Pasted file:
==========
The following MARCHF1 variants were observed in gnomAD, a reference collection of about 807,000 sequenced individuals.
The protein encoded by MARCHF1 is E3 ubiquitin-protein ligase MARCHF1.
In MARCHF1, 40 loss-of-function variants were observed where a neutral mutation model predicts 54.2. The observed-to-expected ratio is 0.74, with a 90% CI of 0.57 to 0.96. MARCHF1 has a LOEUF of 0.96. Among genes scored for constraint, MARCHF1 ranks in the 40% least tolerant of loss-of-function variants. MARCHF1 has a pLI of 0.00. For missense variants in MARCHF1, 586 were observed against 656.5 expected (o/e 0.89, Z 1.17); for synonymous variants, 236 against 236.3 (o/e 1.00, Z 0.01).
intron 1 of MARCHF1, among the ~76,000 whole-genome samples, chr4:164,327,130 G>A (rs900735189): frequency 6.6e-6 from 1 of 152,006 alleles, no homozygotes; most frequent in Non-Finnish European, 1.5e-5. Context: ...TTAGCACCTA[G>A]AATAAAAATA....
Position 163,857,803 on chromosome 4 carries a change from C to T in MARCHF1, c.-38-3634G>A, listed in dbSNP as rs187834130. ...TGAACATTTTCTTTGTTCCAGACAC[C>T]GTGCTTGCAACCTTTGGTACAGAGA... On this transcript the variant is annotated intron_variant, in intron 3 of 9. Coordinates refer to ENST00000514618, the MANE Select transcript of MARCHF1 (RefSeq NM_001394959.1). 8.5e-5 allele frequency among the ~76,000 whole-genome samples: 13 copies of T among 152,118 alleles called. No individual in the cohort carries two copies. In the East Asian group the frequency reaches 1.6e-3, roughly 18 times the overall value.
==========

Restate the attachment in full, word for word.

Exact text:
The following MARCHF1 variants were observed in gnomAD, a reference collection of about 807,000 sequenced individuals.
The protein encoded by MARCHF1 is E3 ubiquitin-protein ligase MARCHF1.
In MARCHF1, 40 loss-of-function variants were observed where a neutral mutation model predicts 54.2. The observed-to-expected ratio is 0.74, with a 90% CI of 0.57 to 0.96. MARCHF1 has a LOEUF of 0.96. Among genes scored for constraint, MARCHF1 ranks in the 40% least tolerant of loss-of-function variants. MARCHF1 has a pLI of 0.00. For missense variants in MARCHF1, 586 were observed against 656.5 expected (o/e 0.89, Z 1.17); for synonymous variants, 236 against 236.3 (o/e 1.00, Z 0.01).
intron 1 of MARCHF1, among the ~76,000 whole-genome samples, chr4:164,327,130 G>A (rs900735189): frequency 6.6e-6 from 1 of 152,006 alleles, no homozygotes; most frequent in Non-Finnish European, 1.5e-5. Context: ...TTAGCACCTA[G>A]AATAAAAATA....
Position 163,857,803 on chromosome 4 carries a change from C to T in MARCHF1, c.-38-3634G>A, listed in dbSNP as rs187834130. ...TGAACATTTTCTTTGTTCCAGACAC[C>T]GTGCTTGCAACCTTTGGTACAGAGA... On this transcript the variant is annotated intron_variant, in intron 3 of 9. Coordinates refer to ENST00000514618, the MANE Select transcript of MARCHF1 (RefSeq NM_001394959.1). 8.5e-5 allele frequency among the ~76,000 whole-genome samples: 13 copies of T among 152,118 alleles called. No individual in the cohort carries two copies. In the East Asian group the frequency reaches 1.6e-3, roughly 18 times the overall value.